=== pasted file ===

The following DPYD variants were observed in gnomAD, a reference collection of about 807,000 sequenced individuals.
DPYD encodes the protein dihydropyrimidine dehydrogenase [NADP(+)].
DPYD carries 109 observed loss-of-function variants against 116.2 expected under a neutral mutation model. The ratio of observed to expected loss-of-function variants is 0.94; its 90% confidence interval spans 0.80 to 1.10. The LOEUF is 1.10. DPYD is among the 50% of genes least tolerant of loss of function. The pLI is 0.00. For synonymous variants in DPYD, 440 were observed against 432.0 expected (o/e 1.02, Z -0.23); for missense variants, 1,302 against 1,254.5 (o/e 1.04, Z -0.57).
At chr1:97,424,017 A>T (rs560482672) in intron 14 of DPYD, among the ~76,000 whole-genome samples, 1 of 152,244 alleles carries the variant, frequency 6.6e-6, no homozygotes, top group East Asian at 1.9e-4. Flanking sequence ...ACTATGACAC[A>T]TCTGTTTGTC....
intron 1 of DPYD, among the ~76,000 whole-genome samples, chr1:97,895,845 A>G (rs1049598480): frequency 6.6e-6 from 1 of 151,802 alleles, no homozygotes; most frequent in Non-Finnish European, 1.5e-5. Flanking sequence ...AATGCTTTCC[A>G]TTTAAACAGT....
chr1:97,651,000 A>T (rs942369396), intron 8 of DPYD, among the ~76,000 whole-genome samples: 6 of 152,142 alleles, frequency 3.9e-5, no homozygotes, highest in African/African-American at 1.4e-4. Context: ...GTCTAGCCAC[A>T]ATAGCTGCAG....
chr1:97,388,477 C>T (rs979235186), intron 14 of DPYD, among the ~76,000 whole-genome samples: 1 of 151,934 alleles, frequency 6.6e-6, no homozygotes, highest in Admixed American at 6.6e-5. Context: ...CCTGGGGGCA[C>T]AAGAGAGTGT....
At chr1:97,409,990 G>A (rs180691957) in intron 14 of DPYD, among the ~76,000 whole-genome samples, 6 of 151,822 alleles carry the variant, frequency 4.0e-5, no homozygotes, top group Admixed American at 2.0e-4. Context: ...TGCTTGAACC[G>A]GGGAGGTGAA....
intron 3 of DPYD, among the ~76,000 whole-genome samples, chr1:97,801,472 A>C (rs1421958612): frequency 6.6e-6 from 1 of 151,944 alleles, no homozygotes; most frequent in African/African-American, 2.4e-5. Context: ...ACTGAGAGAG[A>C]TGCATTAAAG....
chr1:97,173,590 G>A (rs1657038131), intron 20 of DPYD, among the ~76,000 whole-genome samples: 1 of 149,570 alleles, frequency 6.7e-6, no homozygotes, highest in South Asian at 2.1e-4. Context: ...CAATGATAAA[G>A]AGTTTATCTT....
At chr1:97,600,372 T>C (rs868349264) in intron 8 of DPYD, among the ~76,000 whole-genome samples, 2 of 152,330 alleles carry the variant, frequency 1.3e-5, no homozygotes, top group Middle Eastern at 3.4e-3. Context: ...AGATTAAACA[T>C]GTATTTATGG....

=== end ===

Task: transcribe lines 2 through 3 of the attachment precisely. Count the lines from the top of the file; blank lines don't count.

DPYD encodes the protein dihydropyrimidine dehydrogenase [NADP(+)].
DPYD carries 109 observed loss-of-function variants against 116.2 expected under a neutral mutation model. The ratio of observed to expected loss-of-function variants is 0.94; its 90% confidence interval spans 0.80 to 1.10. The LOEUF is 1.10. DPYD is among the 50% of genes least tolerant of loss of function. The pLI is 0.00. For synonymous variants in DPYD, 440 were observed against 432.0 expected (o/e 1.02, Z -0.23); for missense variants, 1,302 against 1,254.5 (o/e 1.04, Z -0.57).